I've never head the term "general internal medicine" used in the UK, but have (of course) always heard the term 'general practise', or "general practitioner" (which is the term used in the UK for a family/community doctor (cf someone "seeing their GP") I've also always known that this term was unrecognised in the US, but had assumed it was in general use across the Commonwealth (it certainly is, in India, but I'm now unsure re Canada).

I'm now puzzling over whether I would've forgivably-presumed that 'Internal Medicine' refers to biological ailments internal to the sufferer: but surely that starts to get into a strange tautology....also might that mean that 'external medicine' (as it were, if it definably-existed?) might be looking at disease and pathological situations, rather than the victims?

I'm now really puzzling over this: and (because I've started to think too much about it)....is there a parallel between someone in medicine being an "intern" (ie 'practicing' in the British-not-US strict sense of the word, ie almost an apprentice-under-training, the status of what we'd now call in the UK a "foundation doctor); and someone 'practising' medicine (this in the British/Commonweath/semi-deprecated sense of the word, and probably not recognised as a differentiated word in the US at all) a state of being where they have already-mastered their discipline....
viz
'intern' to 'internist'

versus
'practice' into 'practise'
 
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EnolaGaia

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So to be clear on this, please: is it the case that in the USA, a medical doctor who is an "internist" is not an 'intern'? Ie they are NOT in the process of receiving training in a specialism, but have arrived at a professional destination, or level of vocational capability? And: an ''internist'' is not an 'internalisist'(sic) despite being a specialist in internal medicine? (US terms) ...
One refers to the stage of professional development, whereas the other refers to the focus of professional interest and expertise.

As I understand it ...

Intern (as used in medicine): Someone in a professional field who is near or beyond the completion of their professional (book-learning) education and who is serving a period of supervised practical experience before being finally certified as a journeyman professional.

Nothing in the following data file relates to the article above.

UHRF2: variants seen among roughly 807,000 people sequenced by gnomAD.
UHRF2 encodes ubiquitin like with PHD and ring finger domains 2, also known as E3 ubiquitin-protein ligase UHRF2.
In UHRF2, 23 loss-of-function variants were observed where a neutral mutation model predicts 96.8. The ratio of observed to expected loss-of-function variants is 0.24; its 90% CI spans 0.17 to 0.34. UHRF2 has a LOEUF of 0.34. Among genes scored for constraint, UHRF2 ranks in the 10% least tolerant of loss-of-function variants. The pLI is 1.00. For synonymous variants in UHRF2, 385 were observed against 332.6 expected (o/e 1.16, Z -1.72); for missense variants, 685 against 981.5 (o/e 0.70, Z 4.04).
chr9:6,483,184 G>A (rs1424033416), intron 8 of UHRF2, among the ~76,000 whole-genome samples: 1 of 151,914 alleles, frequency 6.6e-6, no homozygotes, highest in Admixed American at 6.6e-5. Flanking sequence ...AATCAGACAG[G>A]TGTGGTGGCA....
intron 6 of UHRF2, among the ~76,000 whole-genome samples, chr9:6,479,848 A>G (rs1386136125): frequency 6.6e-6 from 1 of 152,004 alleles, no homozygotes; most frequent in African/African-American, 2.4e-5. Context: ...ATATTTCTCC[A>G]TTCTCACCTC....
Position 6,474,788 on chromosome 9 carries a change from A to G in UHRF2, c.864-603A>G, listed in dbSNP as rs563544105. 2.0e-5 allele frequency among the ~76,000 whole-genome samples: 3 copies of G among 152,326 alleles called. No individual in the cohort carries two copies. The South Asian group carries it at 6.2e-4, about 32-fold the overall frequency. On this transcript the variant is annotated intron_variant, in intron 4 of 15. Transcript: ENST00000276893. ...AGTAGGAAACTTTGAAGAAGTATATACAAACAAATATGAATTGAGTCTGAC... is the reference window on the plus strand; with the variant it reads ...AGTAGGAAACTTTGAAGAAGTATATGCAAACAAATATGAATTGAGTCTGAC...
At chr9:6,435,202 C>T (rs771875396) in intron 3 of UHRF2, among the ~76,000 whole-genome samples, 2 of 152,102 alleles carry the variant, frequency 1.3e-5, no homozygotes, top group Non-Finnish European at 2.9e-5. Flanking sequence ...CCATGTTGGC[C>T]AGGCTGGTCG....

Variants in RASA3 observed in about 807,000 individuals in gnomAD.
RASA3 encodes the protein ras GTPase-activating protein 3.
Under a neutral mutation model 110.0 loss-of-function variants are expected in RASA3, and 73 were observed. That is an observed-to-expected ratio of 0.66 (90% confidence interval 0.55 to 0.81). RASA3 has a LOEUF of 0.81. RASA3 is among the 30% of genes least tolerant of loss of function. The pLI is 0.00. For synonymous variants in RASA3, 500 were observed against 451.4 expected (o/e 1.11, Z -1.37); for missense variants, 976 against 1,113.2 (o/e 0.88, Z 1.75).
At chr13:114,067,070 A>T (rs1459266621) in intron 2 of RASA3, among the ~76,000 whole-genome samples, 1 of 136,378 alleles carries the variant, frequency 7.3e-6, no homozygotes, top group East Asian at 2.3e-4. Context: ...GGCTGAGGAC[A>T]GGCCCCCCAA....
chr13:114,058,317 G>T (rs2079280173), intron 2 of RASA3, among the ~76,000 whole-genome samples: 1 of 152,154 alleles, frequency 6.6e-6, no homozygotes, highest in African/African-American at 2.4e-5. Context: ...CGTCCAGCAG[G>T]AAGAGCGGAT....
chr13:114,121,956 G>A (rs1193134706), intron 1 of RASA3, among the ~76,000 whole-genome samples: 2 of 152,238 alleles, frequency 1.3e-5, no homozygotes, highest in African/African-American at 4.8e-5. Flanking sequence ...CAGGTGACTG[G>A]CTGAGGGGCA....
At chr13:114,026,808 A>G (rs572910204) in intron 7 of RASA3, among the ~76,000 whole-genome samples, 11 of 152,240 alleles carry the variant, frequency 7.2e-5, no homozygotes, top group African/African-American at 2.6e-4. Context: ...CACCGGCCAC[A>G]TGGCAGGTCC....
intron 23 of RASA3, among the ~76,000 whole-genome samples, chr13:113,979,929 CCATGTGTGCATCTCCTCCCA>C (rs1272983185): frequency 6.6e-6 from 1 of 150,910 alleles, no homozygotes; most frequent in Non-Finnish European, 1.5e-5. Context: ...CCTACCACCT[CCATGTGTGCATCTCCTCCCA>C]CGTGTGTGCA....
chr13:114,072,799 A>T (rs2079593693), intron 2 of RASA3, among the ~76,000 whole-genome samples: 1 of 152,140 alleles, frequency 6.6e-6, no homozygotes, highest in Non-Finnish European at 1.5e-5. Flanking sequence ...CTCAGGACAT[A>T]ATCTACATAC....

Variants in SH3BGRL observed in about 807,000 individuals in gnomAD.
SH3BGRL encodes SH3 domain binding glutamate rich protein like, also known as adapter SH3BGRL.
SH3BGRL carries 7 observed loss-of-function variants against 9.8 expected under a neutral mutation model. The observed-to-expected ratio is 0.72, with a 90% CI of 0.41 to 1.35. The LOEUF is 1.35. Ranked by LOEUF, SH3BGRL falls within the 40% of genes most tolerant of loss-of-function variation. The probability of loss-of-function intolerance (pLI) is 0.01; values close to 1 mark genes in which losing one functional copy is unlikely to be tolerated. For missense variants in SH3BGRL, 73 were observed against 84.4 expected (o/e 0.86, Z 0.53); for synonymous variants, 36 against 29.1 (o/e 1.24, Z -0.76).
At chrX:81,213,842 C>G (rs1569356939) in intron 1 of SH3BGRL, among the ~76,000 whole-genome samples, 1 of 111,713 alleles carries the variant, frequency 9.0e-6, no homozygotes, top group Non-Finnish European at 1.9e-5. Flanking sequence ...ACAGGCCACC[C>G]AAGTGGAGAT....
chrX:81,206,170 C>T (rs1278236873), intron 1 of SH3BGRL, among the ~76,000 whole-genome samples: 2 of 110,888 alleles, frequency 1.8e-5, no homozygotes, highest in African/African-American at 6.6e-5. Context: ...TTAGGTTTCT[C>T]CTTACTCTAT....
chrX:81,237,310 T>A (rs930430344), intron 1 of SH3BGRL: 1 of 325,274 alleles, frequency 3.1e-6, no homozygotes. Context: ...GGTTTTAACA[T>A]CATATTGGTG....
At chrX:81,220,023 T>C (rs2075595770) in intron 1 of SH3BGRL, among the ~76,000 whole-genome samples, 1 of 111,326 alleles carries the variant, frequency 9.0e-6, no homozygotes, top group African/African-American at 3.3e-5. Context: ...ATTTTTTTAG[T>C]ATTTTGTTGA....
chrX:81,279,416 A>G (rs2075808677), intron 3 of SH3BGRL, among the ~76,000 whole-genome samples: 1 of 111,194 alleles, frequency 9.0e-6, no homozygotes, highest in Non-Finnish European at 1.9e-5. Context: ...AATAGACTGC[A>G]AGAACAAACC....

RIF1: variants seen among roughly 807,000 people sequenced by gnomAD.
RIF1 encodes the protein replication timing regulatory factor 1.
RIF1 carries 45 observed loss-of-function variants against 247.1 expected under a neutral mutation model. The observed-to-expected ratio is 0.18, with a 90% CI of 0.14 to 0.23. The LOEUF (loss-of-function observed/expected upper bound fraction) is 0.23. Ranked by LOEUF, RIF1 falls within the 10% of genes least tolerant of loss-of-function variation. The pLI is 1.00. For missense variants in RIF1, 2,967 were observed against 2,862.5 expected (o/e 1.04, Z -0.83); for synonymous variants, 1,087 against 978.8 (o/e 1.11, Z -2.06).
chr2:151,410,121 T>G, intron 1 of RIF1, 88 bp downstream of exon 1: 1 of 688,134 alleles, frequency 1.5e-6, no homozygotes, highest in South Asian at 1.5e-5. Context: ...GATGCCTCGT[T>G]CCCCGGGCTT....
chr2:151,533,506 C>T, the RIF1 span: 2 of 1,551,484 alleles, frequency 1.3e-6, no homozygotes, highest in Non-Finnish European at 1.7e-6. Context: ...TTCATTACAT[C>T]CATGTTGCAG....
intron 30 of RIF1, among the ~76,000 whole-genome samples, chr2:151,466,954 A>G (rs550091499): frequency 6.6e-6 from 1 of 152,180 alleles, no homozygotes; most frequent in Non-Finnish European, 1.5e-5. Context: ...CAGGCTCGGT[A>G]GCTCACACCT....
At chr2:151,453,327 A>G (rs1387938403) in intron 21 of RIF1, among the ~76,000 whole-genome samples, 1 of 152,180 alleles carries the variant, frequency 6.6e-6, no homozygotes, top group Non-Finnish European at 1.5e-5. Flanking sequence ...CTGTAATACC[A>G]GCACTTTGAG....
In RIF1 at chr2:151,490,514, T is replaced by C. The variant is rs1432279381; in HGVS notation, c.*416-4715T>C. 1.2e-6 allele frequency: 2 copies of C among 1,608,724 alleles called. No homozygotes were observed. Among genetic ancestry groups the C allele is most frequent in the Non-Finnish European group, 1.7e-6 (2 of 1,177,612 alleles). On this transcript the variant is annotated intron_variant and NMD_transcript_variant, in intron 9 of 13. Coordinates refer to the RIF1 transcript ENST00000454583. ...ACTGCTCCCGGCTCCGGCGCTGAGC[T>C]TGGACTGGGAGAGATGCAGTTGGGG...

(Not to be confused with "a student or non-professional serving as a junior grade helper" - e.g., "office intern".)

Internist: A medical sub-field or area of specialization focusing on diagnosis / treatment of problems (including diseases) "internal" to the body, but not encompassing direct participation in treatment involving surgical intervention. Internists analyze and treat, but they don't "cut."

Crudely stated: All licensed internists will have been interns at some point, but not all interns will become internists.
 

ramonmercado

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Some more background to the Yosemite cases.
Oh dear! Hantavirus is back!


Even when the world is trying to find a cure for the dreaded coronavirus pandemic, a report in Global Times said that a man from China's Yunnan province died from Hantavirus while on a bus to the Shandong province.

All the fellow passengers on the bus have been tested for the virus.

What is Hantavirus?

The Centre for Disease Control says that the virus is spread mainly from rodents. It goes on to say that infection with any of the hantavirus can cause hantavirus disease in people. "Hantaviruses in the Americas are known as “New World” hantaviruses and may cause hantavirus pulmonary syndrome (HPS). Other hantaviruses, known as “Old World” hantaviruses, are found mostly in Europe and Asia and may cause hemorrhagic fever with renal syndrome (HFRS)," the CDC website said.

https://m.economictimes.com/news/in...leshow/74793841.cms?__twitter_impression=true